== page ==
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Dark Horse and Trackers Earth team for Captain Nick & The Explorer Society – Compass of Mems

Dark Horse Books and Trackers Earth introduce Captain Nick and the courageous and resourceful Explorer Society, as told by the expert outdoor educators and adventurers of Trackers Earth! Based on their popular Captain Nick camp, the book is written by Grey Allison, Michelle McCann, and Trackers Earth co-founder Tony Deis. Pencils are by Thomas Pitilli, inks by Lukas Ketner, colors by Liezl Buenaventura, and letters by Troy Peteri

Trackers Earth is an award-winning outdoor education organization with a mission to inspire kids and families to explore, connect, and care for the natural world. Through their programs and stories, Trackers Earth teaches kids old-school outdoor skills such as wilderness survival, nature awareness, and tracking. These experiences help kids develop resilience, confidence, and independence in all walks of life. Many of their camps teach these skills through fantastic live-action role-playing that takes kids out into the wilderness, including the official B.P.R.D. (aka Hellboy) Camp, which met with widespread acclaim. While Trackers has created non-fiction how-to skills books and short online and printed comics for kids at their summer camps, this is their first graphic novel with Dark Horse Books. 

In Trackers Presents: Captain Nick & the Explorer Society—Compass of Mems, Captain Nick and the kids race to find the mysterious Compass of Mems before their nemesis, the Contessa, gets her hands on it. Can they safeguard this ancient relic and foil her plans to conquer the world? Captain Nick adventures are packed with lost worlds, ancient treasures, time travel, dinosaurs, and butt-kicking girl assassins!

Trackers Presents: Captain Nick & the Explorer Society—Compass of Mems TPB will be available in comic shops June 7, 2023 and will be in bookstores June 6, 2023. It is now available for pre-order on Amazon, Barnes & Noble, and at your local comic shop and bookstore. The book will retail for $14.99.

Trackers Presents: Captain Nick & the Explorer Society—Compass of Mems TPB

Review: Metal Society #5

Metal Society #5

Since it’s first issue, Metal Society has been an intriguing series. While the concept on the surface might seem like a MMA fight between a robot and a human but as you dig deeper, the series delivers far more. The comic tackles castes, slavery, society as a whole, and freedom. There’s been a lot to chew on. Metal Society #5 wraps up the series as our two combatants deliver blows to see which society is the most dominant.

Written by Zack Kaplan, Metal Society has scratched multiple itches for me as I’m both a fan of MMA and a political junkie. The series has been interesting to see how Kaplan not only handles the challenge of a human fighting a robot that can adapt but also the philosophy itself about the fight. Is it even the right thing to do?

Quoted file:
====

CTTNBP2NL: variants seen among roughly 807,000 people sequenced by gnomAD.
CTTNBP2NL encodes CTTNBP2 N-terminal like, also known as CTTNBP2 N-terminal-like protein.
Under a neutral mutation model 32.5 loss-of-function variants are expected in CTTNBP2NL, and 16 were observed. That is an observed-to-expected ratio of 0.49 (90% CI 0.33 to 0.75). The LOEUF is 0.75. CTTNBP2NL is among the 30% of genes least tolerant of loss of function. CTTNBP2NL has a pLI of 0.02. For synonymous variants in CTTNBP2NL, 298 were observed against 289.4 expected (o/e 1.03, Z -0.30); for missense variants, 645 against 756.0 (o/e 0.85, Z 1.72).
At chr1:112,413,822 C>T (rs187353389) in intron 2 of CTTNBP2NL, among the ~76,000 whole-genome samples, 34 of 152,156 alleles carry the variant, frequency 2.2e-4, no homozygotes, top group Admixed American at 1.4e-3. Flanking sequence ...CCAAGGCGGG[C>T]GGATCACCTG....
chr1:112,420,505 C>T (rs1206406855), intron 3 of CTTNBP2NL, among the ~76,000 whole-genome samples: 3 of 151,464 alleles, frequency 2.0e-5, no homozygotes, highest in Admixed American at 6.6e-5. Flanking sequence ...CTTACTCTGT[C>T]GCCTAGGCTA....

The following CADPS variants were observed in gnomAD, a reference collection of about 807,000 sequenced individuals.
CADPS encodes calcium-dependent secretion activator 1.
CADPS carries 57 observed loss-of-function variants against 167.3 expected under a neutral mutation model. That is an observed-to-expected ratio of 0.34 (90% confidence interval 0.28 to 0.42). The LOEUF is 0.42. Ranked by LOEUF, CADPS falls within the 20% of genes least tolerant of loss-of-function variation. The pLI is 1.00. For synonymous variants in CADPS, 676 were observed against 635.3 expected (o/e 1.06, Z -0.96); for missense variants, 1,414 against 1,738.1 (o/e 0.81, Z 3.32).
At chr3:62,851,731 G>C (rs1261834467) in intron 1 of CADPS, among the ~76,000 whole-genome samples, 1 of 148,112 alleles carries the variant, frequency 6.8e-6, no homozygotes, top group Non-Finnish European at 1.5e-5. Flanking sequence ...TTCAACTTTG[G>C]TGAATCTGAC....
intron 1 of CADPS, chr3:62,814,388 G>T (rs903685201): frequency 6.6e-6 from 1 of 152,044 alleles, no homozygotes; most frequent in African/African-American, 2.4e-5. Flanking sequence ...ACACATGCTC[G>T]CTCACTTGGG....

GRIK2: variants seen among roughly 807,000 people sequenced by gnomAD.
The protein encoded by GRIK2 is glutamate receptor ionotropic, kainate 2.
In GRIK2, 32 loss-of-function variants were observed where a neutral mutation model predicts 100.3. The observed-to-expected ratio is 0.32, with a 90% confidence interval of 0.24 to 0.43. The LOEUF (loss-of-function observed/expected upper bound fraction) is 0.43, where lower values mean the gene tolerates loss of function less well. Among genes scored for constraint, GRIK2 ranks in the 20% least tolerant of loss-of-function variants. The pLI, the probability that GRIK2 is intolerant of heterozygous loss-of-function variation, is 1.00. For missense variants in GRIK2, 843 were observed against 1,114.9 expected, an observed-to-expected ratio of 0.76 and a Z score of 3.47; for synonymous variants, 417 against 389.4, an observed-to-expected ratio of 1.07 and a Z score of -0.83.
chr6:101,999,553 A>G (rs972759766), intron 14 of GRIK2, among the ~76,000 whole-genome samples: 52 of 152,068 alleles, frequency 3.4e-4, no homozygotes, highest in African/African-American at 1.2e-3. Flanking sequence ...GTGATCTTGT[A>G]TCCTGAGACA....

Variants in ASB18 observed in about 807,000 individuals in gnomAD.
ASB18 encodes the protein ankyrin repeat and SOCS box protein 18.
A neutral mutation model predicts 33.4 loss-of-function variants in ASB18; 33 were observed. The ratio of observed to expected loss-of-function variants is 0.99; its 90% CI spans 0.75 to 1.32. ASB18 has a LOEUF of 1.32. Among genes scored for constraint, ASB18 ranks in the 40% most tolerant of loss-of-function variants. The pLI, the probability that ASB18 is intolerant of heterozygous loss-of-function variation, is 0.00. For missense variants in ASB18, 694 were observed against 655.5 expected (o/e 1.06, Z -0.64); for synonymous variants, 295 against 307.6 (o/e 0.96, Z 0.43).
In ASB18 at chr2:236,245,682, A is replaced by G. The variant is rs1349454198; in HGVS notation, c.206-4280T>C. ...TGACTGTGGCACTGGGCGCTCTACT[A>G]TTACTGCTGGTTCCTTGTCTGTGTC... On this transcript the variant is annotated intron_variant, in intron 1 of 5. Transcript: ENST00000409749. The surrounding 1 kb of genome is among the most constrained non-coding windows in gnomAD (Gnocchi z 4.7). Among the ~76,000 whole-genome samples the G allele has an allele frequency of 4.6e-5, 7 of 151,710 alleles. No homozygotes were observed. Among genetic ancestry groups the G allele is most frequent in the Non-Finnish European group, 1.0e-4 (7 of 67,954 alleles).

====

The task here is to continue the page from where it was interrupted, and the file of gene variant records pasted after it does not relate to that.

Metal Society #5 takes that all further as Rosa battles WOL in the ring in a brutal battle. What does victory look like for each? Does WOL need to kill Rosa? Does Rosa just need to make WOL submit? Is just getting in the ring enough to prove humans deserve more than being a slave cast?

All of that is answered in a conclusion that feels logical and generally where I expected it to go. But, it does so in a rather quick way. The story itself needed a little bit more showing the brutality of the fight and the moments that follow. But, it does wrap things up nicely and the issue features a bit of a bonus at process art.

Guilherme Balbi‘s art continues to look great with color by Marco Lesko and lettering by Troy Peteri. The movement of the fight looks solid as MMA holds and moves are thrown and countered. There’s a fantastic use of page layout that at times turns the fight into a dance between its two warriors. My one criticism is the bruises on Rosa didn’t feel quite as pronounced as one would expect and taking some time to show how beaten she is would have emphasized her actions even more.

As a finale, Metal Society #5 delivers a satisfying ending. The story itself feels a bit short but the fight is brutal and as far as MMA, it’s pretty satisfying. On it’s own, the issue is a bit mixed but as far as wrapping up the series, it ends things in an interesting way.

Story: Zack Kaplan Art: Guilherme Balbi
Color: Marco Lesko Letterer: Troy Peteri
Story: 8.0 Art: 8.0 Overall: 8.0 Recommendation: Buy

Image Comics provided Graphic Policy with a FREE copy for review


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Review: Metal Society #4

Metal Society #4

Man vs. robot in a mixed martial arts-like battle. At stake? The future of humankind and the future of robotkind. Taking place in the future, robots are now the dominant lifeform. Humanity had been wiped out but has now been brought back to work in the lowest rung of society. But, some of humankind strives for more. After a robot is put out of work, a fight is set up and that fight has spiraled. Metal Society #4 focuses in on how this bought has grown and what’s at stake at the center of it all.

Written by Zack Kaplan, Metal Society #4 is an interesting story, the quiet before the battle. Each side gives their speeches to their supporters. And, like so many real fights, the rhetoric has gotten out of hand whipping up supporters. In this case, each has incited violence in some way making the fight a powder keg of tension ready to explode. For humanity, the fight is seen as proof that they can do so much more than clean waste and that they are at least equals to the robot society. For the robot society, it’s a way to show off their dominance putting down an insurgent humanity that threatens their way of life. Race. Gender. Workers rights. Castes. You can see how this fight and series as a whole is an examination of so much. The depth to its story runs deep and an examination can go many ways.